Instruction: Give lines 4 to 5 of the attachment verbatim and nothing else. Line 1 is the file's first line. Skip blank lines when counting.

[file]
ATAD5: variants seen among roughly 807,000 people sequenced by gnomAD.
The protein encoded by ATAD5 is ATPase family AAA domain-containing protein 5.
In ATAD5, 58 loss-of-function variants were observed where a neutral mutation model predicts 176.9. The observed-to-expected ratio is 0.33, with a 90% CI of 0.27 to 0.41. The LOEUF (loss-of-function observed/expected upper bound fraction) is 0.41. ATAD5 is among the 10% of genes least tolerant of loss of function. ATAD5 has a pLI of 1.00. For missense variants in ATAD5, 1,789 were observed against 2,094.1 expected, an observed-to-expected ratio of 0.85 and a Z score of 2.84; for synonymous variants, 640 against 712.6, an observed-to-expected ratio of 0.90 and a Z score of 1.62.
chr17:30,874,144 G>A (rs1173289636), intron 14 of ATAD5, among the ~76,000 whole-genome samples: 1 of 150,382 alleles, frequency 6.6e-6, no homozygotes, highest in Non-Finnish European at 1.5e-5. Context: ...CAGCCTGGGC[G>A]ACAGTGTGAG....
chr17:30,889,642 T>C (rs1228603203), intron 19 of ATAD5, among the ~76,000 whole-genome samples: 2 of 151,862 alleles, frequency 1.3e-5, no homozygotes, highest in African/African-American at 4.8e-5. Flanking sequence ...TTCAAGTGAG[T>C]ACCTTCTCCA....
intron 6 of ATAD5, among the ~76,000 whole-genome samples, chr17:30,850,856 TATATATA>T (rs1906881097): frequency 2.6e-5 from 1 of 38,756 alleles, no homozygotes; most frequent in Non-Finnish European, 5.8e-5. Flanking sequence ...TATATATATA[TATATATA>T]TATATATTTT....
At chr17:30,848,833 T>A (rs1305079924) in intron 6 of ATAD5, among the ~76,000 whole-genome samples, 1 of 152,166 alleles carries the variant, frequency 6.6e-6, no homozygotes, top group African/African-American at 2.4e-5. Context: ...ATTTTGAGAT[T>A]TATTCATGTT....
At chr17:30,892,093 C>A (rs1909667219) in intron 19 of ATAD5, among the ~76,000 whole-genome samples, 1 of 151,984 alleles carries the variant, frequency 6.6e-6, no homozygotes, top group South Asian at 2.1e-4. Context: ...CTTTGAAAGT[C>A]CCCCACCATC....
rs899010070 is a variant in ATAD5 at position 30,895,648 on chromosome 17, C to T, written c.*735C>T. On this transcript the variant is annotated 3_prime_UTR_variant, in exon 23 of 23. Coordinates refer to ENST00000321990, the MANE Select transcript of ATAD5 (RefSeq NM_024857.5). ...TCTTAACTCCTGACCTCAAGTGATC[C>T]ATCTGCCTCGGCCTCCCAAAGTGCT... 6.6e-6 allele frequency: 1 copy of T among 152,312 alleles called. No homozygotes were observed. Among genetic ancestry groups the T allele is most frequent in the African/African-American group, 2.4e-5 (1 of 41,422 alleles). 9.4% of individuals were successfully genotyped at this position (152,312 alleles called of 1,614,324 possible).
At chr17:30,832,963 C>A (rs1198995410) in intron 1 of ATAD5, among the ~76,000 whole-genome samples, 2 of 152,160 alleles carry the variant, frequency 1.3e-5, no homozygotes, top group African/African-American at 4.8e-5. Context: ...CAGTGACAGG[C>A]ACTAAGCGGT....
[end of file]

chr17:30,874,144 G>A (rs1173289636), intron 14 of ATAD5, among the ~76,000 whole-genome samples: 1 of 150,382 alleles, frequency 6.6e-6, no homozygotes, highest in Non-Finnish European at 1.5e-5. Context: ...CAGCCTGGGC[G>A]ACAGTGTGAG....
chr17:30,889,642 T>C (rs1228603203), intron 19 of ATAD5, among the ~76,000 whole-genome samples: 2 of 151,862 alleles, frequency 1.3e-5, no homozygotes, highest in African/African-American at 4.8e-5. Flanking sequence ...TTCAAGTGAG[T>C]ACCTTCTCCA....